Frazier promotes 5 to upper echelon posts

March 29, 1994|By Michael James and Jim Haner | Michael James and Jim Haner,Sun Staff Writers

Reaching down into the ranks, Baltimore's police commissioner promoted five commanders to the upper echelon of the department yesterday with orders to oversee such key operations as recruitment, training and emergency dispatching.

The move was the first in a series of expected transfers in the department's command structure. It effectively created a cadre of hand-picked officers to carry out Commissioner Thomas C. Frazier's reforms in the department.

"There has been a need to add some administrative muscle to the higher levels, and these officers I'm promoting are going to give us that," Mr. Frazier said.

Most significant, three of the officers will be given duties normally handled by deputy commissioners -- positioning a new generation of leaders within the department.

Mr. Frazier also said the heads of the police force's homicide and narcotics divisions will be replaced as part of the first phase of his controversial "rotation policy." The policy requires officers to move out of specialized units after serving for several years.

"We're also doing some reshuffling [in homicide and narcotics.] It's part of a career-development process we've been talking about for weeks now. We need multifaceted, multi-skilled leaders. I need to have my quality people moved to other places and to develop other skills," Mr. Frazier said.

Mr. Frazier promoted three to the rank of colonel -- the rank just below deputy commissioner -- and two to the rank of major.

The three colonels -- Joseph R. Bolesta Jr., Ronald L. Daniel, and Steven A. Crumrine -- will be assigned to administrative bureaus overseeing such operations as communications, central records, computer systems, personnel and training. All are areas the commissioner has targeted for improvements and overhauls.

The two officers promoted to major, Capt. John E. Gavrilis and Lt. Leonard D. Hamm, will be assigned as district commanders.

Mr. Frazier said the changes represent his first step toward accomplishing some of the goals he has repeatedly spoken about in public meetings since he took over in January.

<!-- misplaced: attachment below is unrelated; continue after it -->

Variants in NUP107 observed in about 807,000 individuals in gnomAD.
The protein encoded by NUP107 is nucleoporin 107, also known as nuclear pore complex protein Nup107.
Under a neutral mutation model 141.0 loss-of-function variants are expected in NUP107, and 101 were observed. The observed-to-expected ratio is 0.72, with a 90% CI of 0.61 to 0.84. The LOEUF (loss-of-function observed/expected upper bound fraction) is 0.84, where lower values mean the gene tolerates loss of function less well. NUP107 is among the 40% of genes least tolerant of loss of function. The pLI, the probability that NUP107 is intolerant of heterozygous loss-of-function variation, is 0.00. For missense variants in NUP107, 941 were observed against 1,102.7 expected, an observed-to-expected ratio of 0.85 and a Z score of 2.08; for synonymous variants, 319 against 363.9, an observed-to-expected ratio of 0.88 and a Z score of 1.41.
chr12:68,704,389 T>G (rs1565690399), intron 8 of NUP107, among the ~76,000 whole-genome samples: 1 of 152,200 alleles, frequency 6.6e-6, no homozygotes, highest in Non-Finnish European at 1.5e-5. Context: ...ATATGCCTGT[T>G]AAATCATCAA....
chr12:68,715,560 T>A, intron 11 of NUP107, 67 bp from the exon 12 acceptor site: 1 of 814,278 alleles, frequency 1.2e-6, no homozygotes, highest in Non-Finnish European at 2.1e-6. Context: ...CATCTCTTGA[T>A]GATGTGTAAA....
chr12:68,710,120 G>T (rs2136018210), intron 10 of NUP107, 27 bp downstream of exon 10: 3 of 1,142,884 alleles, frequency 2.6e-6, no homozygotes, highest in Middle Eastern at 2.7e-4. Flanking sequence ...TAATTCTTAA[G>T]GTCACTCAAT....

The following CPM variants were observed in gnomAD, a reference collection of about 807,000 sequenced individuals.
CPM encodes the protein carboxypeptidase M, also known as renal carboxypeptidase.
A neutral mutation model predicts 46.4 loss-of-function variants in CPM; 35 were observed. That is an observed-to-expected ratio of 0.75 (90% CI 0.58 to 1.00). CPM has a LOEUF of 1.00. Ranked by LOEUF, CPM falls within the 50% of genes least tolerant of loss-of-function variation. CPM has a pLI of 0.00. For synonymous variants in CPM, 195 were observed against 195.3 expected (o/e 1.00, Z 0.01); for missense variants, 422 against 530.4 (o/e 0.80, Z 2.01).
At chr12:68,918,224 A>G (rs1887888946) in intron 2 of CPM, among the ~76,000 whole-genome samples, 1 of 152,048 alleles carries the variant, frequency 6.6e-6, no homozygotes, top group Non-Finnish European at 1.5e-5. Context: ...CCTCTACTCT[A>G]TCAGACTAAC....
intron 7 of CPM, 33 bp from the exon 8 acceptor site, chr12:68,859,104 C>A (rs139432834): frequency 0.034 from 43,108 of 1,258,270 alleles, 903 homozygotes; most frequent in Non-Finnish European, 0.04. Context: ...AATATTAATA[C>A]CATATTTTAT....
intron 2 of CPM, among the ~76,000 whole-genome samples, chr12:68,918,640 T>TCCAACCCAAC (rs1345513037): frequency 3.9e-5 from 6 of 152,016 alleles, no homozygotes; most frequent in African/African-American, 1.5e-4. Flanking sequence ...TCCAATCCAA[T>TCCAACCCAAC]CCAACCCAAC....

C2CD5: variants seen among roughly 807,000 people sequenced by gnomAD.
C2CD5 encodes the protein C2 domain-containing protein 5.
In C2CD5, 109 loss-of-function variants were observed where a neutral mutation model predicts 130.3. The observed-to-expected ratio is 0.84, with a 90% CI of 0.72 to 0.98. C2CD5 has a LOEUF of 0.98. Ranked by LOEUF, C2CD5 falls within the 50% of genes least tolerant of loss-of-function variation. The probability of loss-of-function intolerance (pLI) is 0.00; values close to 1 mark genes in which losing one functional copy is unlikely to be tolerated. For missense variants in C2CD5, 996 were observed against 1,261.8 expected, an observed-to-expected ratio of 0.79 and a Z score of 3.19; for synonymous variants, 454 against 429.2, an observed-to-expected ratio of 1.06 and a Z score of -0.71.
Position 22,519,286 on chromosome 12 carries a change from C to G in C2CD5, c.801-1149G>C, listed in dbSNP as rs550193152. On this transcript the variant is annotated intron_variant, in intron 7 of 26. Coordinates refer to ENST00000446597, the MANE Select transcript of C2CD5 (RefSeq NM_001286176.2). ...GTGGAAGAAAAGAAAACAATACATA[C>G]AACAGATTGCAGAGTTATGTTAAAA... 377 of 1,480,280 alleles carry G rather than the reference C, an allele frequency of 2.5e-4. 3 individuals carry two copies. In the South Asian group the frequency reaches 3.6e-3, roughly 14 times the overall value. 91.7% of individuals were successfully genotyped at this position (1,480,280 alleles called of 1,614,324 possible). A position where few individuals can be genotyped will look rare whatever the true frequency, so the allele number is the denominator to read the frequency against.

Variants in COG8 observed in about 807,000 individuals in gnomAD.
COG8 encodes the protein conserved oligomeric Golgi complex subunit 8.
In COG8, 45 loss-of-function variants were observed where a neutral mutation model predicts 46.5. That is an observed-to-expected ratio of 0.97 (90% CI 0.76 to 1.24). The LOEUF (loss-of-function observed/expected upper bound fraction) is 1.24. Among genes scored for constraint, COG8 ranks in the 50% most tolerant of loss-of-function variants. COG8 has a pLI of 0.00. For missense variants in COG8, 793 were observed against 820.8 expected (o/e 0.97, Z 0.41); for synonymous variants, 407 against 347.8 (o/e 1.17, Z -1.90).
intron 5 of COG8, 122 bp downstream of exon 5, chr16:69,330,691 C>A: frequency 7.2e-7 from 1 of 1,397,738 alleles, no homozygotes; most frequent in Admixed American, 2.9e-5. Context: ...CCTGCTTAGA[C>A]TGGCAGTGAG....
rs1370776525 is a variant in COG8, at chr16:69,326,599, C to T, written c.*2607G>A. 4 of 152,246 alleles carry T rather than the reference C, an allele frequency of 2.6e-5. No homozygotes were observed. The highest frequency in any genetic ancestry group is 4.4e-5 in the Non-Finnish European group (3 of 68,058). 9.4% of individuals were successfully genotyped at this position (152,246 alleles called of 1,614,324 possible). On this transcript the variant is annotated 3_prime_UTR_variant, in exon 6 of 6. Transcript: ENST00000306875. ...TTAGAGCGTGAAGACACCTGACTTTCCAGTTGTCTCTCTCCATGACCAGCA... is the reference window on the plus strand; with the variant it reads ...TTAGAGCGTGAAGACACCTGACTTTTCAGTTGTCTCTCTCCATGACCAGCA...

"What this does is it brings a number of very qualified individuals to the highest levels of the department," he said. "It gives me the administrative leverage that I need to really move things along at the pace that we need to move them."

Chief among Mr. Frazier's goals are plans to revamp the city's 911 communications system and improve the recruitment and training of new officers. Improving the 911 system will cost the city about $60 million, but Mr. Frazier says it will result in better and speedier service.

"It's the kind of project that you can't make any mistakes on. I need my best people on it," Mr. Frazier said.

He also said that two captains, each with more than two decades of experience, will be shifted out of their specialized units to make way for fresh leadership.

The shifts will be part of the the commissioner's rotation policy, which is designed to give officers wider experience and not lock them into one place for the bulk of their careers.

John J. MacGillivary, 59, a commander of the city's homicide unit for the last 10 years, and Michael J. Andrew, 52, who has headed the narcotics unit since September 1991, will be reassigned to as-yet unnamed police precincts.

Their replacements have not been named.

The commissioner said he plans to implement the rotation policy through the department in about six months. "We're going to give people some time to get ready for it. I don't think it's fair to say to somebody we're going to turn your life upside down and we're going to do it right now," Mr. Frazier said.

Those promoted to colonel, along with their current ranks, are:

* Colonel Bolesta, 53, a 27-year veteran who was recently named by Mr. Frazier as the police force's coordinator of human resources. Colonel Bolesta will continue in his present job overseeing the department's training and recruitment policies.

He formerly headed the Violent Crimes Task Force, and served as the executive officer in the department's patrol bureau.

* Major Crumrine, 41, a 19-year veteran who most recently was the director of the department's fiscal division. He previously served in the information management bureau and in the office of the chief of patrol.

His primary responsibility will be putting together plans for the new 911 system. He will also oversee central records and computer systems.

* Major Daniel, 44, a 20-year veteran and currently the head of personnel. He will work directly under Mr. Frazier overseeing legal affairs, planning and research, and staff inspections.

He formerly worked in the special operations and internal investigation divisions.

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